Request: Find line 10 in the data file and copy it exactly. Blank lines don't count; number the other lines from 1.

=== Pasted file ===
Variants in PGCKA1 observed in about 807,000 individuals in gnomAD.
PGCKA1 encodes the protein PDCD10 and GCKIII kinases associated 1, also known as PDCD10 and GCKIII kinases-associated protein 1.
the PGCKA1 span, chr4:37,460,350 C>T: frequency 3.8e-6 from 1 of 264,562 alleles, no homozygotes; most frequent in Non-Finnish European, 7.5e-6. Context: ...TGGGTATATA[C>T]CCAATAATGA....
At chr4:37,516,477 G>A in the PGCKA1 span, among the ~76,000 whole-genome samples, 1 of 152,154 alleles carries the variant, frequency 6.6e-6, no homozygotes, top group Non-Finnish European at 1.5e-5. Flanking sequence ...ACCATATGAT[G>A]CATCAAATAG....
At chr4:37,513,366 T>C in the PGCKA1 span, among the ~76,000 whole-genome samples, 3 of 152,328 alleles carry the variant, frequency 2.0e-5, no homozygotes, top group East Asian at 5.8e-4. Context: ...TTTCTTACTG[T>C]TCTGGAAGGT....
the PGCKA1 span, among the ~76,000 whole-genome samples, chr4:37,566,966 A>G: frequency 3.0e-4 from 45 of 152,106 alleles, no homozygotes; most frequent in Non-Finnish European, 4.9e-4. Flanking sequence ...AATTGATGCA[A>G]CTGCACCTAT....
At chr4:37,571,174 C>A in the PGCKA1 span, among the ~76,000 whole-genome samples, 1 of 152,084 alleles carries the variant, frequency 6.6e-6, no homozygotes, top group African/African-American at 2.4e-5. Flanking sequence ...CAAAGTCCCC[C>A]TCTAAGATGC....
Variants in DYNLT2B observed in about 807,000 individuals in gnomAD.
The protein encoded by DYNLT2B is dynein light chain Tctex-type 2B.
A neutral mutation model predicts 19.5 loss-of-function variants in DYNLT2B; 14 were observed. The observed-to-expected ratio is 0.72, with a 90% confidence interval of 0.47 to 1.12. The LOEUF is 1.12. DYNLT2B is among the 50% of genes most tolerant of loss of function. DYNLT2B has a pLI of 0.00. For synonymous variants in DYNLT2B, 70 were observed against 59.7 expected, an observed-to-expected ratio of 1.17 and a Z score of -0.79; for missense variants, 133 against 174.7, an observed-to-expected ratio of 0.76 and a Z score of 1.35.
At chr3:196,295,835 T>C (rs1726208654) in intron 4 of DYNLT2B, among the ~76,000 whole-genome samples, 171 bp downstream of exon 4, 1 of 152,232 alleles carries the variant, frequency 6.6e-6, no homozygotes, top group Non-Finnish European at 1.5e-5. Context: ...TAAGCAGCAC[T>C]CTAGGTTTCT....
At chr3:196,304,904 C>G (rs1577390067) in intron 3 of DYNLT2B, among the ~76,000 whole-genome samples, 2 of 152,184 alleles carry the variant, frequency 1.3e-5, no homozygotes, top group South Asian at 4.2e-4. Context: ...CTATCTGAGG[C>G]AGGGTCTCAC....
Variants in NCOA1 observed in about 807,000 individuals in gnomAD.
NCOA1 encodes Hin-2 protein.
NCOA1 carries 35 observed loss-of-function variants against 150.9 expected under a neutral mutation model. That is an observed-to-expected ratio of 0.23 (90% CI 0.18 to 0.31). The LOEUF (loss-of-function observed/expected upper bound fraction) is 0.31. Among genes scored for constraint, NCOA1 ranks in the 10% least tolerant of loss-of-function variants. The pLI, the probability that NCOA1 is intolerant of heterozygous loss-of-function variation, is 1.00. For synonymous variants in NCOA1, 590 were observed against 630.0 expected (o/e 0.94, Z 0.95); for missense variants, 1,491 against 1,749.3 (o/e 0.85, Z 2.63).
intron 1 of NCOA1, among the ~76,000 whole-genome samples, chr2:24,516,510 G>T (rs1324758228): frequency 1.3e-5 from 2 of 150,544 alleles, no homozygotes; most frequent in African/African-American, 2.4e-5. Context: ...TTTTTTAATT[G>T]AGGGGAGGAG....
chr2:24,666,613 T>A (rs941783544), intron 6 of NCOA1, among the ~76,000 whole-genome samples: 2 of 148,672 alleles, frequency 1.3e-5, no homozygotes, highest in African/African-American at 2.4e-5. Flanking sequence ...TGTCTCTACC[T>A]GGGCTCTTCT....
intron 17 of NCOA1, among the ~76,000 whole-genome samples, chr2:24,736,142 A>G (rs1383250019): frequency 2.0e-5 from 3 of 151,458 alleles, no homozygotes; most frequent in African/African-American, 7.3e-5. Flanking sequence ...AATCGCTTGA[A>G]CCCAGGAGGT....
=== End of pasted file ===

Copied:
A neutral mutation model predicts 19.5 loss-of-function variants in DYNLT2B; 14 were observed. The observed-to-expected ratio is 0.72, with a 90% confidence interval of 0.47 to 1.12. The LOEUF is 1.12. DYNLT2B is among the 50% of genes most tolerant of loss of function. DYNLT2B has a pLI of 0.00. For synonymous variants in DYNLT2B, 70 were observed against 59.7 expected, an observed-to-expected ratio of 1.17 and a Z score of -0.79; for missense variants, 133 against 174.7, an observed-to-expected ratio of 0.76 and a Z score of 1.35.